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                 Cherokee Tribe of Northeast Alabama   

Seven Clans of the Cherokees

Wild Potatoes, Bird, Long Hair, Blue, Paint, Deer and Wolf.  The symbol 
of the seven clans and the seven sided council  house which was the center of their ceremonial and governmental life.

In the center burns the sacred fire, kindled with seven kinds of wood. Around this fire the struggles, victories and agonies  of the Cherokee empire were discussed and many momentous decisions of their history were made.


The Cherokee and Iroquoian languages evolved from the same mother tongue. The Cherokee language developed into three dialects. The Eastern dialect, "Elati" is now extinct. The Middle dialect, "Kituhwa" is used in Western North Carolina. The Western dialect, "Atali" is used in Oklahoma.

Cherokee is a unique language of rising and falling tones spoken with little movement of the lips. Guttural and at places very difficult, it has a beauty all of its own.

The many tribes of Indian people had only spoken languages, and they used pictures rather than letters and words to record their tribal history.

However, among the Cherokees, a man by the name of Sequoyah had a dream of making a "talking leaf" like that of the white man. Sequoyah whose English name was George Guess, was an illiterate, but out of his personal genius and determination he created a Cherokee alphabet or Syllabary and endowed his entire tribe with a written language.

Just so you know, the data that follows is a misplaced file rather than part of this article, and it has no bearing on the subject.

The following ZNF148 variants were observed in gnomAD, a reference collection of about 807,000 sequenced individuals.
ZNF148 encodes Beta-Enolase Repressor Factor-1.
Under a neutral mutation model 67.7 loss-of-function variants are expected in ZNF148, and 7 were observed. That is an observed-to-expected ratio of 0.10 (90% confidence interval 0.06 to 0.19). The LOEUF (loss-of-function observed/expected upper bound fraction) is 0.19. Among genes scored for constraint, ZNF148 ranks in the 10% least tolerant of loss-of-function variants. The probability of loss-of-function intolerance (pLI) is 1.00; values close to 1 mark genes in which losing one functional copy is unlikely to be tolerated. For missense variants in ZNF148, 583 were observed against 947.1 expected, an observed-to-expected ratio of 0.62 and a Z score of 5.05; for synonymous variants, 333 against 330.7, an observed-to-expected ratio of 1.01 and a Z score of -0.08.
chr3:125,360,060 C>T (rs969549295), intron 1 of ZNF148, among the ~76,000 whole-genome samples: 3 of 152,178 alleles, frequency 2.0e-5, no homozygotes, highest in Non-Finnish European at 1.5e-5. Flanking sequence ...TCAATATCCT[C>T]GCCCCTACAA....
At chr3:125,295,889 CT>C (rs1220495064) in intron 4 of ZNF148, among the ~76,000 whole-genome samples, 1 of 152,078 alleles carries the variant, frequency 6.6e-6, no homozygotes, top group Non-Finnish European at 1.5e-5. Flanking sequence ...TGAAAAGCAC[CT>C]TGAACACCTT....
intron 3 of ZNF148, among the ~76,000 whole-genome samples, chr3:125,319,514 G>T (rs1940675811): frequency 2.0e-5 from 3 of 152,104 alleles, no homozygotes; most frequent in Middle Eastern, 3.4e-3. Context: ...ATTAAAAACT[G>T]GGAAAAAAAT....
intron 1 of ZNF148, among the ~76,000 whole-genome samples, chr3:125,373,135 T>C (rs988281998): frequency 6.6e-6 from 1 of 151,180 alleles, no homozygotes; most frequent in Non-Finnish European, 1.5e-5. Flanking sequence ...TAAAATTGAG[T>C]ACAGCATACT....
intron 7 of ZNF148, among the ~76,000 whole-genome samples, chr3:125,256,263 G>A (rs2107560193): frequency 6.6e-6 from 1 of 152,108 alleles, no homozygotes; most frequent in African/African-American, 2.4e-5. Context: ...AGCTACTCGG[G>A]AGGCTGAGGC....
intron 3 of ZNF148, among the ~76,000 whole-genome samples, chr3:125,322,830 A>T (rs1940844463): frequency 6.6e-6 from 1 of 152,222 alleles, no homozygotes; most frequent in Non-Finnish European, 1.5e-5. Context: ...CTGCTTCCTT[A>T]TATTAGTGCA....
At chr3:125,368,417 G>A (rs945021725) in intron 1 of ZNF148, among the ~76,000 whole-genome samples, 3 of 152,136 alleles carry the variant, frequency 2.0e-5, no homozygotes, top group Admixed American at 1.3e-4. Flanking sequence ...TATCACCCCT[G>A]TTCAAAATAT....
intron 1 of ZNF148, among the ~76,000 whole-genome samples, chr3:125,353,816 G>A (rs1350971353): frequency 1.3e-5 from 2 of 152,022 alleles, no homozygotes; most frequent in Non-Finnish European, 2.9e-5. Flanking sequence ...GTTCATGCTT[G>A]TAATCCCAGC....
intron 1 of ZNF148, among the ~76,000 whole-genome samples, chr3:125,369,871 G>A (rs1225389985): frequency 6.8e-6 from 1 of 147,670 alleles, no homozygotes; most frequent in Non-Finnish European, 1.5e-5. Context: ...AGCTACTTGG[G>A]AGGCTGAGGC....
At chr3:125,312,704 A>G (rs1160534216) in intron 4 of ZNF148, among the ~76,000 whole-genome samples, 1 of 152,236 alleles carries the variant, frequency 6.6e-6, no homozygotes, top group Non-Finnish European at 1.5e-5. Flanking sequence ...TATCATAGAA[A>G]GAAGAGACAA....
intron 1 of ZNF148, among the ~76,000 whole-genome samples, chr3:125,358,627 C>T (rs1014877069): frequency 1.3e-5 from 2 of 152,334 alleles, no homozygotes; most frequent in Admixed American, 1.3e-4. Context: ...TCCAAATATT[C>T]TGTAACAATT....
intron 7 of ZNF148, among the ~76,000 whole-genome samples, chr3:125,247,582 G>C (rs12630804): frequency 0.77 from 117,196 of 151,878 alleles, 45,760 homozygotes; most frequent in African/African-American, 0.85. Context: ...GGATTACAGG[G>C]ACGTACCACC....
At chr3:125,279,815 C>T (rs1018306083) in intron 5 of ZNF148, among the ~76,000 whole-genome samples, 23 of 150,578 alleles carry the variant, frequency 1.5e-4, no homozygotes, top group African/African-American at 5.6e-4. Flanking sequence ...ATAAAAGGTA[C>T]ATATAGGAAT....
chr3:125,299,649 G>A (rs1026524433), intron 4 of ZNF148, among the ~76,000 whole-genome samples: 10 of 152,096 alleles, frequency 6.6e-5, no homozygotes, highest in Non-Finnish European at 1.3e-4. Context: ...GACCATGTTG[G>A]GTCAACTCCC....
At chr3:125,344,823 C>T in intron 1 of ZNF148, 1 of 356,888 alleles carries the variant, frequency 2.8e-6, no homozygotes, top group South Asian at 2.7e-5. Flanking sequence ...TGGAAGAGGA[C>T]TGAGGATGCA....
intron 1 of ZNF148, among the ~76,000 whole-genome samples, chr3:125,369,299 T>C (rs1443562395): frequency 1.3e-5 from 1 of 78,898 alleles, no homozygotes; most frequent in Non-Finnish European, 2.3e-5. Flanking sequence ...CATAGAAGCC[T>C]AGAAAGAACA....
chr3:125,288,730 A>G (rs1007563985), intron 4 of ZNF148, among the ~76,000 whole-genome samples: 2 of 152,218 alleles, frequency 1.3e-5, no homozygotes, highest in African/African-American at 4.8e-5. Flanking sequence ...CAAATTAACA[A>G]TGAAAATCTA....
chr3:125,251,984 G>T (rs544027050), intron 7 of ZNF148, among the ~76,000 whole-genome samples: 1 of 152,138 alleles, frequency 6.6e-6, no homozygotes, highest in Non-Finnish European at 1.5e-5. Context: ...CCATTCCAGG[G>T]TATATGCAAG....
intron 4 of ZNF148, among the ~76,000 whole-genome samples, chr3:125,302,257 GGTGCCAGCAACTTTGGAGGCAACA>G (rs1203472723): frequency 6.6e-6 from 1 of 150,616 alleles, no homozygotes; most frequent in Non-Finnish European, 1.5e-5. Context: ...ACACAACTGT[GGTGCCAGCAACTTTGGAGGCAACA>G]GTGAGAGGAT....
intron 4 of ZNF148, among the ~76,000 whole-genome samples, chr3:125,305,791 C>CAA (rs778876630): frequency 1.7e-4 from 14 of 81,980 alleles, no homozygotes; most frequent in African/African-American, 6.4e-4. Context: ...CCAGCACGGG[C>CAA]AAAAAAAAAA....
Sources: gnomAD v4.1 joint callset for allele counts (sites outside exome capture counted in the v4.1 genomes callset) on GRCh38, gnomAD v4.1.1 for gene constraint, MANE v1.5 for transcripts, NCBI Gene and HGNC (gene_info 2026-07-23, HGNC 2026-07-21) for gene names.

After twelve years of trial and hardships, Sequoyah finally produced a syllabary of eighty five symbols, each representing a sound in the Cherokee spoken language. His alphabet was approved by the Cherokee Chiefs in 1821. In a very short time, the tribe was reading and writing in the new language. The New Testament was translated and a newspaper begun.

Today the Cherokee language has given away to the more practical and necessary use of English. Some of the Elders still prefer to speak in their native tongue. As the Elders die there is a real danger of the language being lost. Efforts are being made to teach the young and keep it alive.


In the next few weeks, I will be adding lodging, food, games and more of the culture, please come back.

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Cherokee Holocaust

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